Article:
Pre-eruptive conditions beneath Medicine Lake Volcano, California, during the Pleistocene epoch
Author(s)Hooper, Heather J. (Heather Julie), 1975-
Massachusetts Institute of Technology. Department of Earth, Atmospheric, and Planetary Sciences.
Timothy L. Grove.
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This investigation uses the variations in composition of lavas and mineralogical evidence to characterize the preeruptive conditions beneath Medicine Lake Volcano (MLV) during the Pleistocene epoch. Prior to this investigation, the Pleistocene lavas of MLV had not been extensively studied because detailed time relations among them were not known. Recent work by Donnelly-Nolan has provided a time framework for relating these lavas, and has afforded us the opportunity to perform this study. Whole rock analyses for major elements, trace elements, and rare earth elements were performed, as well as electron microprobe analyses of individual minerals in the lavas. These analyses indicate that the lavas were formed by the mixing of three components. The first component was formed by fractional crystallization of a high-H20 magma (water content of 3-4 wt%) which was emplaced in the shallow crust, at approximately 1 kbar of pressure and temperatures between 980-1300K. The emplacement and crystallization of the first component supplied the heat necessary to melt the granitic crust under MLV. The crustal melt that resulted formed the second component. The third component was a fresh input from the mantle, whose injection into the shallow crust mixed all three components together. The pre-eruptive environment of these lavas was more oxidizing than those of other MILV lavas, such as the Holocene-aged Glass Mountain rhyolite.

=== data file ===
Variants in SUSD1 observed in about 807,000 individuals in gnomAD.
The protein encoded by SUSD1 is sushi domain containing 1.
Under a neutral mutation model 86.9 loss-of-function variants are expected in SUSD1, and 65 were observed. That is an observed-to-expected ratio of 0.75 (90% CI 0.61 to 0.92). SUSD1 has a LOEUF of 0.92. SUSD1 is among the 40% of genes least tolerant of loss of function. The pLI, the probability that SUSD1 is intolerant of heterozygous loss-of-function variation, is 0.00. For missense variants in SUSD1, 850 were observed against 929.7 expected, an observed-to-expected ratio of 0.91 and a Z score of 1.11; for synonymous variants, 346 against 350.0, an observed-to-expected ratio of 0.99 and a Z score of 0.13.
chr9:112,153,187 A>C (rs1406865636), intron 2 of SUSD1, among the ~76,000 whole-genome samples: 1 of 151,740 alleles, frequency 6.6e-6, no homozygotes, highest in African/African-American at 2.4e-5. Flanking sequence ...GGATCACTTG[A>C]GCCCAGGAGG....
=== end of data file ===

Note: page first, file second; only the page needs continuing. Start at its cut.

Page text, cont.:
Thesis: S.B., Massachusetts Institute of Technology, Department of Earth, Atmospheric, and Planetary Sciences, June 2000."June 2000." Cataloged from PDF version of thesis.Includes bibliographical references (page 31).
DepartmentMassachusetts Institute of Technology. Department of Earth, Atmospheric, and Planetary Sciences.
Massachusetts Institute of Technology
Earth, Atmospheric, and Planetary Sciences.